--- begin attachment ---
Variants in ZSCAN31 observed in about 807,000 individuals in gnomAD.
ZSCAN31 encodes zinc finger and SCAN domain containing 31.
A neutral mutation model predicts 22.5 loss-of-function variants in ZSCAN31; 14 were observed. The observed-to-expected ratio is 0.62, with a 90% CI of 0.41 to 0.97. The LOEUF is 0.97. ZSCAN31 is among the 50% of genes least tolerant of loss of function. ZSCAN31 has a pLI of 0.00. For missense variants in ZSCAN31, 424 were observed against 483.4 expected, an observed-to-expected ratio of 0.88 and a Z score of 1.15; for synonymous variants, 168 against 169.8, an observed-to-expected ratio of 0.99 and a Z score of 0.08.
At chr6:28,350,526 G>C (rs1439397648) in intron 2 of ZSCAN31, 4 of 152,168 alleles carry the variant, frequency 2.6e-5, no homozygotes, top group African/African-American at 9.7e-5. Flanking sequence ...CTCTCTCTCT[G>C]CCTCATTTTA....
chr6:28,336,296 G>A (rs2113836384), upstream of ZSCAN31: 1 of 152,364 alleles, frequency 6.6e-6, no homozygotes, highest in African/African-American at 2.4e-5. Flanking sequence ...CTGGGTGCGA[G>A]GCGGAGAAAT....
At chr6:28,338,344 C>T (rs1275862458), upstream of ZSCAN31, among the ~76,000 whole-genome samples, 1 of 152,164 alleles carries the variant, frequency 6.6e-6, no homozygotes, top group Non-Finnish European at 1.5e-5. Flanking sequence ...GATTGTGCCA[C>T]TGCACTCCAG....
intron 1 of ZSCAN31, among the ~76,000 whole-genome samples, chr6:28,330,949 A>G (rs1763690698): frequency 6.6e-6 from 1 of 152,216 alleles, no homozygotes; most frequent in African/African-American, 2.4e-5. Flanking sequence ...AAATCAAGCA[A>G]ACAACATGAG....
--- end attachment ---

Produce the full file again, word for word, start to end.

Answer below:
Variants in ZSCAN31 observed in about 807,000 individuals in gnomAD.
ZSCAN31 encodes zinc finger and SCAN domain containing 31.
A neutral mutation model predicts 22.5 loss-of-function variants in ZSCAN31; 14 were observed. The observed-to-expected ratio is 0.62, with a 90% CI of 0.41 to 0.97. The LOEUF is 0.97. ZSCAN31 is among the 50% of genes least tolerant of loss of function. ZSCAN31 has a pLI of 0.00. For missense variants in ZSCAN31, 424 were observed against 483.4 expected, an observed-to-expected ratio of 0.88 and a Z score of 1.15; for synonymous variants, 168 against 169.8, an observed-to-expected ratio of 0.99 and a Z score of 0.08.
At chr6:28,350,526 G>C (rs1439397648) in intron 2 of ZSCAN31, 4 of 152,168 alleles carry the variant, frequency 2.6e-5, no homozygotes, top group African/African-American at 9.7e-5. Flanking sequence ...CTCTCTCTCT[G>C]CCTCATTTTA....
chr6:28,336,296 G>A (rs2113836384), upstream of ZSCAN31: 1 of 152,364 alleles, frequency 6.6e-6, no homozygotes, highest in African/African-American at 2.4e-5. Flanking sequence ...CTGGGTGCGA[G>A]GCGGAGAAAT....
At chr6:28,338,344 C>T (rs1275862458), upstream of ZSCAN31, among the ~76,000 whole-genome samples, 1 of 152,164 alleles carries the variant, frequency 6.6e-6, no homozygotes, top group Non-Finnish European at 1.5e-5. Flanking sequence ...GATTGTGCCA[C>T]TGCACTCCAG....
intron 1 of ZSCAN31, among the ~76,000 whole-genome samples, chr6:28,330,949 A>G (rs1763690698): frequency 6.6e-6 from 1 of 152,216 alleles, no homozygotes; most frequent in African/African-American, 2.4e-5. Flanking sequence ...AAATCAAGCA[A>G]ACAACATGAG....